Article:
The “oompah-pah-pah” of the polka band’s tuba announced the small-town music festival long before my husband Arnie had parked our car. The music festival with all day baseball games and carnival rides drew folks from a wide radius in Central Wisconsin. Following the music, we discovered that half of the huge beer tent was devoted to the band and a make-shift dance floor. The band was playing the “She’s Too Fat for Me Polka” and a large crowd of energetic dancers filled the floor.
Moments later, Arnie and I waded through the large crowd gathered around the wood-plank beer bar. Several of Arnie’s high school classmates were leaning against a section where a clear glass pitcher had only enough golden pilsner for Arnie’s glass. One of the young men held the pitcher high over his head and bellowed for a refill over the din of the crowd.
One of the young men said, “Kathy can dance with me while we wait for more beer!” My heart sank. I’d never learned to dance while growing up in the Stratford area. However, most of the young people who lived between Auburndale and Stevens Point where Arnie had grown-up, had their polka and waltz moves down pat.
Feeling the stiffness of my body, the young man shouted over the music, “Just relax and go with the beat.” I hopped when he skipped. He bobbed when I skipped. The couples around us flowed gracefully with synchronized steps and twirls. Getting a firmer grip on me, my partner instructed, “Follow my lead.” Horrified and embarrassed, I felt like a fully loaded H & S gravity box, being pulled around a wet corn field, by a 1949 model M John Deere tractor.
My dance partner refused to give up. He doggedly continued dragging me around the dance floor. My healthy farm-girl weight repeatedly mashed his toes flat. I felt ashamed, but not just for myself. My poor showing reflected on Arnie. His classmates would think he had picked a real dud for a wife.
As I tried to dance, I had a flash of philosophical intuition. Hell was an actual place; a dance floor. And eternity was how long it took for a band to play a polka. The young man finally led me back to the wooden-plank bar. Sweating profusely, he grabbed a large stein of beer and downed it in one gulp.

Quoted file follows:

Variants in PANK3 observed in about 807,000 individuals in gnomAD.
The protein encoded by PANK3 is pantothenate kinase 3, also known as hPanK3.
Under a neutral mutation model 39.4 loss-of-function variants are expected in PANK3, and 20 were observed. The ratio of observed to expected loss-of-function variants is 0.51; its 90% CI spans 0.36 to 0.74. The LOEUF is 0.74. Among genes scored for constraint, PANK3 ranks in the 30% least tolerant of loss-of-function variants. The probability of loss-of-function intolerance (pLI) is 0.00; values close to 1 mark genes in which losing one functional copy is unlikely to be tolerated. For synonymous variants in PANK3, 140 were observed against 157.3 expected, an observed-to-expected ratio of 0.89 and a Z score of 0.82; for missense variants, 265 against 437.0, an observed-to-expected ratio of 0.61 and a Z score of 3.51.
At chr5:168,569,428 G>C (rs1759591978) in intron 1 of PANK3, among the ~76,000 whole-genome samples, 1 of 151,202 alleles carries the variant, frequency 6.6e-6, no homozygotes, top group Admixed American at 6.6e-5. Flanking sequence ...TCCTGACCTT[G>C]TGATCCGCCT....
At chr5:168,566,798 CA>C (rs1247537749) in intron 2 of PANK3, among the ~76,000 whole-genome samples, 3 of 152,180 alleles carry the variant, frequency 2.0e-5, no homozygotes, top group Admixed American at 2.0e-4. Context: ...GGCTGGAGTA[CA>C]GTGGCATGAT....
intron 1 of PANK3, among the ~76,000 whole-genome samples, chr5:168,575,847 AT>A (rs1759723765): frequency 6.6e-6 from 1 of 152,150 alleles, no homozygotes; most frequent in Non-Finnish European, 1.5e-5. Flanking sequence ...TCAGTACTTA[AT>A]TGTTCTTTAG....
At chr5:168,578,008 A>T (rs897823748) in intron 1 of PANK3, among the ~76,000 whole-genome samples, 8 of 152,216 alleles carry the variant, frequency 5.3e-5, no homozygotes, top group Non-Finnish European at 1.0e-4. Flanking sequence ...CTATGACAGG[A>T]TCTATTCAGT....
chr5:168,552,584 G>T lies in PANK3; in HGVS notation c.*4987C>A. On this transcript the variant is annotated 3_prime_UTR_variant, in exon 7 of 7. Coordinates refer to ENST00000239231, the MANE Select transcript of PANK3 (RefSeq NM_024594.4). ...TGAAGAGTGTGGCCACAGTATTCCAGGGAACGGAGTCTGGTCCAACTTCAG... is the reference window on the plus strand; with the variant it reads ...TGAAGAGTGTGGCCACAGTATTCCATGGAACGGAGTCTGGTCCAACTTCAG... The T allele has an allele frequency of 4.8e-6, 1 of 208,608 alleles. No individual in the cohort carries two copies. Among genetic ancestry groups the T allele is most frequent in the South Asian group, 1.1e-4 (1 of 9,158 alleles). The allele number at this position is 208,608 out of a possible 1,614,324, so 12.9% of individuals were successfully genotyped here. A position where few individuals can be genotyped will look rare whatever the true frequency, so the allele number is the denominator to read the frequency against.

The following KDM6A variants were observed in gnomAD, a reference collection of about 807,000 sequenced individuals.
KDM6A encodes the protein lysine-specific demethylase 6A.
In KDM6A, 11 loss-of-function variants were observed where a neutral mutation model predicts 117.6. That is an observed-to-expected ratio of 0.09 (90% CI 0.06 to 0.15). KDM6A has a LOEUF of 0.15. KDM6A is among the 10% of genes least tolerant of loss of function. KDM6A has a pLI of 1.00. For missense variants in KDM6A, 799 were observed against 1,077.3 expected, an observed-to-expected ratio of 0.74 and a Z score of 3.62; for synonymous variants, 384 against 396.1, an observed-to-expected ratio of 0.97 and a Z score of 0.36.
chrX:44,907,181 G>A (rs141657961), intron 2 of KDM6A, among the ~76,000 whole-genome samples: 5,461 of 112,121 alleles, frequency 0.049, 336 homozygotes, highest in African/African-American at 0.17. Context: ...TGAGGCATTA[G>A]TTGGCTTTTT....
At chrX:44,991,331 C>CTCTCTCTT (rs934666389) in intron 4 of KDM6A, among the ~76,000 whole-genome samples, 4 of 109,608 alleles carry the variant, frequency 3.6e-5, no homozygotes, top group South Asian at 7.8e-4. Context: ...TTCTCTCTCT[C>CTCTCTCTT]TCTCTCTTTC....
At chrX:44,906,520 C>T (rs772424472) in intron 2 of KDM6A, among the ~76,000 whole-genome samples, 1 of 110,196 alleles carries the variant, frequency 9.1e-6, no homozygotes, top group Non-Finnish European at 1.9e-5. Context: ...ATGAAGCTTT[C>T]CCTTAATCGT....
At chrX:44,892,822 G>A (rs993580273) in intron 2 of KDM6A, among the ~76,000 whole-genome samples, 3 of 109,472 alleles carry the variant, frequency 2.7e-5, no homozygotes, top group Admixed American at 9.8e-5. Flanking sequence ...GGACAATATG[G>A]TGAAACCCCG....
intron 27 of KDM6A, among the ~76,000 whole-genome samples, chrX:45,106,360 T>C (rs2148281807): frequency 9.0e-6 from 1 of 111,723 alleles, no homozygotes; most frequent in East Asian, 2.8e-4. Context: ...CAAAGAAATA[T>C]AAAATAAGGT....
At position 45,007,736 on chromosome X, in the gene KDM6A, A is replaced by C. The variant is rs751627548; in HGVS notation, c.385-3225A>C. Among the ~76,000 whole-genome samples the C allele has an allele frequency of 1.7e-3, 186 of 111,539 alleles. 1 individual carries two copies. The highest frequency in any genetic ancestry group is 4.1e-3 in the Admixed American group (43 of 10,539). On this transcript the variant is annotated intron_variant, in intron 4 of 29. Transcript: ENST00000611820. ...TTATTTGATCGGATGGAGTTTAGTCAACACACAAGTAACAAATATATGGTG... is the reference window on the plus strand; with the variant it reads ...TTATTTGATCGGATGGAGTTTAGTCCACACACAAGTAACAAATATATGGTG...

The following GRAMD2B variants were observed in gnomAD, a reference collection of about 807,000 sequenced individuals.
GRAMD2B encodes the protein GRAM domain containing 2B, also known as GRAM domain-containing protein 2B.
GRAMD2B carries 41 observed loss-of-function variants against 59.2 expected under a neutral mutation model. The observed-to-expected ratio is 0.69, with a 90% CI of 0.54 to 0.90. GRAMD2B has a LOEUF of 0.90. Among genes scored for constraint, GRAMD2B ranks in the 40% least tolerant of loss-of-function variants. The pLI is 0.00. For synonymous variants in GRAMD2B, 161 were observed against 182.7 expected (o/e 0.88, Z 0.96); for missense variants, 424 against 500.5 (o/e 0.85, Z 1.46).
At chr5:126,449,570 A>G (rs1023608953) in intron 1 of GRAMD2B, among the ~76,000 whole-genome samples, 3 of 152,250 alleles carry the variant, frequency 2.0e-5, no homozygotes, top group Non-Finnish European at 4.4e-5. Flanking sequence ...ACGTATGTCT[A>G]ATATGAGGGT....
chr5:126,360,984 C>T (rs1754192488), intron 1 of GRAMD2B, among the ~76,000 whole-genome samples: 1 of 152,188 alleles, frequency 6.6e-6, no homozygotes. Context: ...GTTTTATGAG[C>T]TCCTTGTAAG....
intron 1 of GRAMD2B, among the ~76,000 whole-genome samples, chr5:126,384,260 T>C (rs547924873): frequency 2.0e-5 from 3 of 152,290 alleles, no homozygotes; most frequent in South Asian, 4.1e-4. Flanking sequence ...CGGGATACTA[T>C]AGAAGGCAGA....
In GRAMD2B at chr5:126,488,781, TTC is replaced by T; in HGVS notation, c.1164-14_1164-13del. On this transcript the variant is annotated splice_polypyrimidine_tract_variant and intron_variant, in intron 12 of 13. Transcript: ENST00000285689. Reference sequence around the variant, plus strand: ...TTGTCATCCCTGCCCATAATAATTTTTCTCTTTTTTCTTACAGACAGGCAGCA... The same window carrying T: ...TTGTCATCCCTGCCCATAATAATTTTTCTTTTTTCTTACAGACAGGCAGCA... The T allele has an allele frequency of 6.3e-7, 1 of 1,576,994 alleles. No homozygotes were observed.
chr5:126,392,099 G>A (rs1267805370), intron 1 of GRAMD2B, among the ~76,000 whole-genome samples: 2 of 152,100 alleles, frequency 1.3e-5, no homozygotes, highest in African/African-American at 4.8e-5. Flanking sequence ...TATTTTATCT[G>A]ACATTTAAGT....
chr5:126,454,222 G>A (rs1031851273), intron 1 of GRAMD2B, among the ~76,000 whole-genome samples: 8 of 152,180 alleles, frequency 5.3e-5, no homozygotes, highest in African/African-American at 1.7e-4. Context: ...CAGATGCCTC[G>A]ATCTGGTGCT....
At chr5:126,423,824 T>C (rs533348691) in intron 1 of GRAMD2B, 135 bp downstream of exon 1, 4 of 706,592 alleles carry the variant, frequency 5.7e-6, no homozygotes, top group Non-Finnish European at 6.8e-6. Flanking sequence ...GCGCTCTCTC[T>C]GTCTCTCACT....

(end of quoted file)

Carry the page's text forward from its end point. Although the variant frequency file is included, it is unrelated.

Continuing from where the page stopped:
My self-confidence and pride took a tremendous hit that night. After that experience, I liked dancing even less. In the years that followed, Arnie and I would sometimes dance one or two waltzes at weddings. Somehow, I managed to learn to clumsily follow his lead. A strange little Bohemian hop in his dance steps, possibly for resetting our timing, rendered me completely unable to dance effectively with anyone else. We decided that my problem boiled down to one thing; I had absolutely no sense of rhythm.
I didn’t think much about dancing or keeping time with a beat as I busied myself with raising children. Niki was easy-peasy. Potty training was a breeze. She did all of the work. When I wanted her to nap or go to bed, she fell asleep. For each of her milestones, I cheered. But I started to take the easy time for granted.
Then came Tammie. There were problems every step of the way. We started off with the birth defect and went directly into colic and other intestinal problems. She also didn’t like sleeping; or at any rate, not when I wanted to sleep. The problem continued into her toddlerhood. Even when I tucked her in at ten pm, she’d show up at my bedside at midnight or one in the morning to tell me she couldn’t sleep and was scared.
When Tammie was old enough to read, she wasn’t as scared, but when I asked how long she read, she’d answer, “Until the birdies started to sing.” I guiltily admitted to my pediatrician that my very young daughter was in the habit of reading until dawn. He commented that her circadian rhythm was probably just different than mine. Seeing my perplexed look, he explained that everyone has a circadian rhythm. That it was a natural, internal process that regulates our twenty-four-hour sleep-wake cycle.
I’m happy to report that Tammie survived her night owl habits and even earned a master’s degree. Thankfully, the college she attended offered afternoon classes.
A few years ago, Tammie and I attended a music performance in a large outdoor theater. When the singer invited the audience to clap in time to the music, I began to clap with everyone else. Or so I thought. After a few minutes my daughter turned to me and hissed under her breath, “Mom! You are not clapping in time with the beat!” I glanced around. Unlike me, everyone around us were effortlessly, blissfully clapping to the music’s beat. After all these years, I still had no sense of rhythm.
Tucking my hands under my knees, I enjoyed the music sans clapping, but smugly acknowledged to myself, “At least I have a circadian rhythm.”